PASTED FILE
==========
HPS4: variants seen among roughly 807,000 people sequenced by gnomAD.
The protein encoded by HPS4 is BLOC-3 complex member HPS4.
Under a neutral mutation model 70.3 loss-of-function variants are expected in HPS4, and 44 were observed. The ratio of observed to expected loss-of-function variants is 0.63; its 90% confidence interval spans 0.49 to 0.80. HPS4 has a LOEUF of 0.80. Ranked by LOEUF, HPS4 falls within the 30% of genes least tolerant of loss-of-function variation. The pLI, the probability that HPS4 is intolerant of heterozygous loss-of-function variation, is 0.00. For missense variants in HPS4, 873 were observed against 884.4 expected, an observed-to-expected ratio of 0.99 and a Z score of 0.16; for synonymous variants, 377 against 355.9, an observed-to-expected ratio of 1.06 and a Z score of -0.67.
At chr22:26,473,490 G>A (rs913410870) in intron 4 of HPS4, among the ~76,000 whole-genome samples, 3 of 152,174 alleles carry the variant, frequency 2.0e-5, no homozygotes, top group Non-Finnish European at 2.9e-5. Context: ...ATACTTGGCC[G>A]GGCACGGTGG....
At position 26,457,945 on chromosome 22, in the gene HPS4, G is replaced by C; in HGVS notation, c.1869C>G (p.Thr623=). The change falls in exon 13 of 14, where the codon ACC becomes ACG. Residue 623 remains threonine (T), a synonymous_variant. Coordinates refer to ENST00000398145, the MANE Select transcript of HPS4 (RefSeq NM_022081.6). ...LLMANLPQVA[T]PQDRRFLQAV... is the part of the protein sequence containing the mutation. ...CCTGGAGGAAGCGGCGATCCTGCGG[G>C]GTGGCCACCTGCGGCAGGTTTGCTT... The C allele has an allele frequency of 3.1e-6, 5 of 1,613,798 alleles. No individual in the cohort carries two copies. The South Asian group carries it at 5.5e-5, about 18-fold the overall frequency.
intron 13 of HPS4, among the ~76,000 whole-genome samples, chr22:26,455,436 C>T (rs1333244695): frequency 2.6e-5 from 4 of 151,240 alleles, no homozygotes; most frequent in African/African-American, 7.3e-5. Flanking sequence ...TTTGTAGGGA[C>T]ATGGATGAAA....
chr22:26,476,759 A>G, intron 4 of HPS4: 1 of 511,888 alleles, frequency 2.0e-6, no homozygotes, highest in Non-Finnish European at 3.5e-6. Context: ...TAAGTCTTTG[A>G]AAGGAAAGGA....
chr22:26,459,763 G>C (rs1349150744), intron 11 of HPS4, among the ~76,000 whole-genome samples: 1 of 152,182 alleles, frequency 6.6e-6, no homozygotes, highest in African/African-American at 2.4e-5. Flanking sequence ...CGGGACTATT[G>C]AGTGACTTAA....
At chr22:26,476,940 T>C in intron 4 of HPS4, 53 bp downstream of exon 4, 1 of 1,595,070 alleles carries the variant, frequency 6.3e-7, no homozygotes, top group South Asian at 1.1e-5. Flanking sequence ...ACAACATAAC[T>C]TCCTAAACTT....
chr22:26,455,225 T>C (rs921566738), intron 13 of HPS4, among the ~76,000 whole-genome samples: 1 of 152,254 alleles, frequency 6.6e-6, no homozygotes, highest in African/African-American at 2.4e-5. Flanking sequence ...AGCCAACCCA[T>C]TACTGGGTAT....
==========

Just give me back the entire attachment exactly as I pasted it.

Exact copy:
HPS4: variants seen among roughly 807,000 people sequenced by gnomAD.
The protein encoded by HPS4 is BLOC-3 complex member HPS4.
Under a neutral mutation model 70.3 loss-of-function variants are expected in HPS4, and 44 were observed. The ratio of observed to expected loss-of-function variants is 0.63; its 90% confidence interval spans 0.49 to 0.80. HPS4 has a LOEUF of 0.80. Ranked by LOEUF, HPS4 falls within the 30% of genes least tolerant of loss-of-function variation. The pLI, the probability that HPS4 is intolerant of heterozygous loss-of-function variation, is 0.00. For missense variants in HPS4, 873 were observed against 884.4 expected, an observed-to-expected ratio of 0.99 and a Z score of 0.16; for synonymous variants, 377 against 355.9, an observed-to-expected ratio of 1.06 and a Z score of -0.67.
At chr22:26,473,490 G>A (rs913410870) in intron 4 of HPS4, among the ~76,000 whole-genome samples, 3 of 152,174 alleles carry the variant, frequency 2.0e-5, no homozygotes, top group Non-Finnish European at 2.9e-5. Context: ...ATACTTGGCC[G>A]GGCACGGTGG....
At position 26,457,945 on chromosome 22, in the gene HPS4, G is replaced by C; in HGVS notation, c.1869C>G (p.Thr623=). The change falls in exon 13 of 14, where the codon ACC becomes ACG. Residue 623 remains threonine (T), a synonymous_variant. Coordinates refer to ENST00000398145, the MANE Select transcript of HPS4 (RefSeq NM_022081.6). ...LLMANLPQVA[T]PQDRRFLQAV... is the part of the protein sequence containing the mutation. ...CCTGGAGGAAGCGGCGATCCTGCGG[G>C]GTGGCCACCTGCGGCAGGTTTGCTT... The C allele has an allele frequency of 3.1e-6, 5 of 1,613,798 alleles. No individual in the cohort carries two copies. The South Asian group carries it at 5.5e-5, about 18-fold the overall frequency.
intron 13 of HPS4, among the ~76,000 whole-genome samples, chr22:26,455,436 C>T (rs1333244695): frequency 2.6e-5 from 4 of 151,240 alleles, no homozygotes; most frequent in African/African-American, 7.3e-5. Flanking sequence ...TTTGTAGGGA[C>T]ATGGATGAAA....
chr22:26,476,759 A>G, intron 4 of HPS4: 1 of 511,888 alleles, frequency 2.0e-6, no homozygotes, highest in Non-Finnish European at 3.5e-6. Context: ...TAAGTCTTTG[A>G]AAGGAAAGGA....
chr22:26,459,763 G>C (rs1349150744), intron 11 of HPS4, among the ~76,000 whole-genome samples: 1 of 152,182 alleles, frequency 6.6e-6, no homozygotes, highest in African/African-American at 2.4e-5. Flanking sequence ...CGGGACTATT[G>C]AGTGACTTAA....
At chr22:26,476,940 T>C in intron 4 of HPS4, 53 bp downstream of exon 4, 1 of 1,595,070 alleles carries the variant, frequency 6.3e-7, no homozygotes, top group South Asian at 1.1e-5. Flanking sequence ...ACAACATAAC[T>C]TCCTAAACTT....
chr22:26,455,225 T>C (rs921566738), intron 13 of HPS4, among the ~76,000 whole-genome samples: 1 of 152,254 alleles, frequency 6.6e-6, no homozygotes, highest in African/African-American at 2.4e-5. Flanking sequence ...AGCCAACCCA[T>C]TACTGGGTAT....